It’s come very quickly, but the church season of discipleship and renewal that we call Lent begins next week! If it takes twenty-one days to learn a new habit, the forty days (plus Sundays) of Lent give Christians more than twice that time to renew a past practice or start a new commitment. You may already have something in mind for Lent, but if you don’t let me invite you to double down on the church “habit” this year. I challenge you to attend worship every time it’s offered in Lent. If you’re out of town from your customary place of worship–like I will be on one Sunday–the challenge means finding a service where you are at. This starts with Ash Wednesday next week, continues with each Sunday between February 18th and April 1st, and culminates with Holy Week worship on Maundy Thursday and Good Friday. (Some churches also offer Easter Vigil worship on Holy Saturday–it’s a remarkable service!) For anyone who is out of the regular worship habit, I challenge you to get these dates on your calendar now. Even for those who regularly lead worship as singers or readers, this may be a challenge if you’re tempted to take a day off rather than to come and receive the spiritual nurture you so often share with others. And if Sunday mornings don’t work in your calendar, most churches offer some sort of weekday evening enrichment possibility in Lent. Continue reading “The Worship Challenge”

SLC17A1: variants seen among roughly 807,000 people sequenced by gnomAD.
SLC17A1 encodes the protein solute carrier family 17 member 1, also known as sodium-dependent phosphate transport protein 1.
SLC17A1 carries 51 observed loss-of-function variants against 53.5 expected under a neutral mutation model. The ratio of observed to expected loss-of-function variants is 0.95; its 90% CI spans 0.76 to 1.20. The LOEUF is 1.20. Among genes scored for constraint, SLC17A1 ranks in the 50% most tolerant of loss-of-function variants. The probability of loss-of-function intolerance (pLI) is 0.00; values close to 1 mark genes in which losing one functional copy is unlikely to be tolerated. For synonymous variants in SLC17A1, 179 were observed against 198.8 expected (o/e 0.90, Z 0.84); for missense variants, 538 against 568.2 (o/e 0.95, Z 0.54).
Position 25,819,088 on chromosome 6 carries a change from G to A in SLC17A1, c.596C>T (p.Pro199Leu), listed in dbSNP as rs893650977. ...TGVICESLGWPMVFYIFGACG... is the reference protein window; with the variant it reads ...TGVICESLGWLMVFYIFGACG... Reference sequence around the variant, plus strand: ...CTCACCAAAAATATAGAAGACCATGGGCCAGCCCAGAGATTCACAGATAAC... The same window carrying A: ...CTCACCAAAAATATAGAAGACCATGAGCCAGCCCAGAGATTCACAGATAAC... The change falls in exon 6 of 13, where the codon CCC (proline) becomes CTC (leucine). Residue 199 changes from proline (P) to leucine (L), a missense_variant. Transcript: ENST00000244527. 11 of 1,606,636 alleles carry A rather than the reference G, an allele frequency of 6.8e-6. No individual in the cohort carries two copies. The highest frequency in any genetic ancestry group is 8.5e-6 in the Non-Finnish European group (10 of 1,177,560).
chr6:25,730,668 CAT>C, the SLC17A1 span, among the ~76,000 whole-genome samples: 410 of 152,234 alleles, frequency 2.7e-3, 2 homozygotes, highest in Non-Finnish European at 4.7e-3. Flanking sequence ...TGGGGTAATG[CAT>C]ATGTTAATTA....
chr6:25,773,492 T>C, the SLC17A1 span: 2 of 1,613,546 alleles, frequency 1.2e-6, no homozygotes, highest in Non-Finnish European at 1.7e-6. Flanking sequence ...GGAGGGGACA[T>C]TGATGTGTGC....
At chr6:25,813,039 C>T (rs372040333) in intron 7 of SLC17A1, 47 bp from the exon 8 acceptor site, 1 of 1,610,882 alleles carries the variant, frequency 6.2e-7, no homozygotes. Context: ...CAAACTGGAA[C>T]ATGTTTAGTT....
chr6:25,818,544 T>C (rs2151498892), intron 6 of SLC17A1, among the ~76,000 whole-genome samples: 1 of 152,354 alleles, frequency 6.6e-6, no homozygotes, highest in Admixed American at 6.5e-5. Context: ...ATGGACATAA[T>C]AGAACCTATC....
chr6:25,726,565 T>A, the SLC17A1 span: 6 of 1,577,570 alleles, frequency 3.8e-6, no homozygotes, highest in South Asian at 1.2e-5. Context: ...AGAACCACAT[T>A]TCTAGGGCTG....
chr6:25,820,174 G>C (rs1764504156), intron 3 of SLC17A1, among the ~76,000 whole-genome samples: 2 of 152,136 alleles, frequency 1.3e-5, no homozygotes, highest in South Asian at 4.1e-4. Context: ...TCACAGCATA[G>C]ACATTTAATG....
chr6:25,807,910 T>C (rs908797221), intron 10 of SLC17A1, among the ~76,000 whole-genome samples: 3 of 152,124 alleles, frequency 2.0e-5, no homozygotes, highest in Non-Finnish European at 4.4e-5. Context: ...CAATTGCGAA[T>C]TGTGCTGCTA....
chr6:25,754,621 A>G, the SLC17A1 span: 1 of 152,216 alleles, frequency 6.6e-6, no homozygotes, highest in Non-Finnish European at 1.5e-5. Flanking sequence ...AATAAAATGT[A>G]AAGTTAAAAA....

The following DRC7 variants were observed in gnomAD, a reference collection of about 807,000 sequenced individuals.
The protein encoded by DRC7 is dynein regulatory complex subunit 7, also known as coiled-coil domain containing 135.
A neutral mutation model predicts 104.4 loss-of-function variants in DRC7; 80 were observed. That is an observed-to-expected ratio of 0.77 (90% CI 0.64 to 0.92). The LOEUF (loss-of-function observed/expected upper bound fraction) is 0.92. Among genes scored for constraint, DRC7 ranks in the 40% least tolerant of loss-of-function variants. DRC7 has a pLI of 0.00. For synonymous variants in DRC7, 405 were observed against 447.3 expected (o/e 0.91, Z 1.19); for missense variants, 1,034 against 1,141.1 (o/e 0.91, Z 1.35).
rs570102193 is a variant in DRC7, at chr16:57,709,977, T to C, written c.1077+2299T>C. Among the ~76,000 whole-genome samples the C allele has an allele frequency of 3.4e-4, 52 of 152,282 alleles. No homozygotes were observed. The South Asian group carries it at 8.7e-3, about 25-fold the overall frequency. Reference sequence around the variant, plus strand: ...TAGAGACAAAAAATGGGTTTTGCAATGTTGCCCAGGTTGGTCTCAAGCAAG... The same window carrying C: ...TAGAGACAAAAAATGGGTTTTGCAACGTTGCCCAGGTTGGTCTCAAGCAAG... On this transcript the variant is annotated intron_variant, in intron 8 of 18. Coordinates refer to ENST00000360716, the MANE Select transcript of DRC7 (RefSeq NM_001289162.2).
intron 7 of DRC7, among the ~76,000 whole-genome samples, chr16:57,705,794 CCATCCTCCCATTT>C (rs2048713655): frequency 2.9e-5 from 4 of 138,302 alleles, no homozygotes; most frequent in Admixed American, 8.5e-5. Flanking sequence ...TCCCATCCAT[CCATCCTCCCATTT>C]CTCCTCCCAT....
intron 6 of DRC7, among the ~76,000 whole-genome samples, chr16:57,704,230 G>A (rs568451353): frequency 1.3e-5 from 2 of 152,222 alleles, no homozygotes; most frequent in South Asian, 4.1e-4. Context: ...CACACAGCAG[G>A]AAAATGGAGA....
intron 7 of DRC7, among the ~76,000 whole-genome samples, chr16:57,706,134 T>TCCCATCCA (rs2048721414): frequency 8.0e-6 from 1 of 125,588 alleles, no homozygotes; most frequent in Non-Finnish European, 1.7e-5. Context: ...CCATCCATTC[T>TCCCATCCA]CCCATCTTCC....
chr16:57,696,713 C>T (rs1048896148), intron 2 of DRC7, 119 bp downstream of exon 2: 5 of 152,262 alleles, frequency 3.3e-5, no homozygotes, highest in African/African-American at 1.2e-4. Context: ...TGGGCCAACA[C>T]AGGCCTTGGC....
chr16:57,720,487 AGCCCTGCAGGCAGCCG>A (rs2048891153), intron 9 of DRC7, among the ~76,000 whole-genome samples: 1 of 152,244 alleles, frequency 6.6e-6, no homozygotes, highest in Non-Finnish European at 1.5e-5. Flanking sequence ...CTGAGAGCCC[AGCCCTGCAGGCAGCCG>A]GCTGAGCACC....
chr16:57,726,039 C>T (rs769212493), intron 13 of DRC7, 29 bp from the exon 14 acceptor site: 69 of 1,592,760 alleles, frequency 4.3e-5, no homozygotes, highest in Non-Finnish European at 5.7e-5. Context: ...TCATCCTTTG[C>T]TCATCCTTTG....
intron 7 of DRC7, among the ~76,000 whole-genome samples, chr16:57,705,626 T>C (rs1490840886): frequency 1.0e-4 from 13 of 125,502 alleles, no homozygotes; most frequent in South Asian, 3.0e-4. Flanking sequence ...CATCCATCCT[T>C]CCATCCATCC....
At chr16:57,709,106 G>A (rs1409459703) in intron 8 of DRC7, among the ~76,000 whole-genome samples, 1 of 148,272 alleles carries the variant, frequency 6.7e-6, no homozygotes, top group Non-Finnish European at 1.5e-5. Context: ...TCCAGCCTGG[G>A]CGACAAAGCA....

Last night, Javen and I joined members of my church to see a church youth (pictured) perform in the Edina High School production of MEAN, a musical about bullying. The show emphasizes that people can find every reason to pick on one another (reading ability, headscarves, weight, sexual orientation, etc), and the consequences can be deadly. It struck me as relevant for people of all ages, since our society has become toxic in its displays of intolerance, partisan taunting, and bitter division. Yesterday afternoon, for example, Javen and I joined others from our congregations at an interfaith solidarity response at Dar Al farooq Islamic Center, after Muslims in Minnesota were slammed for “infiltration” simply because they were learning how to caucus. Bullying happens long after teens leave their high school cafeterias.
This past Sunday after worship, almost a dozen folks from my congregation gathered in the church library to hear about Beacon Interfaith Housing Collaborative, who are a church-started organization advocating for affordable housing in the Twin Cities. Then yesterday, I joined with others from Edina Morningside Church (above) to attend a training and press event by the statewide, multiracial and multi-faith group ISAIAH. We helped announce the Claiming Our Voices Faith Agenda, developed from house meetings with thousands of Minnesotans over the past three months. It names the top priorities of these faithful neighbors as we anticipate the 2018 election season, including a caring economy and a democracy that honors the God-given dignity of every person. Javen and I are joining with others across the state to be trained as “Faith Delegates”, taking these principles into the caucus and convention processes of both major parties. (You can sign up for trainings here, or join Javen and I at a Mayflower UCC one next Thursday night.) We’ll stand together across artificial partisan and geographic divisions, asking whoever would lead Minnesota in the coming years to hear the cry of God’s people for loving justice in every corner of the state.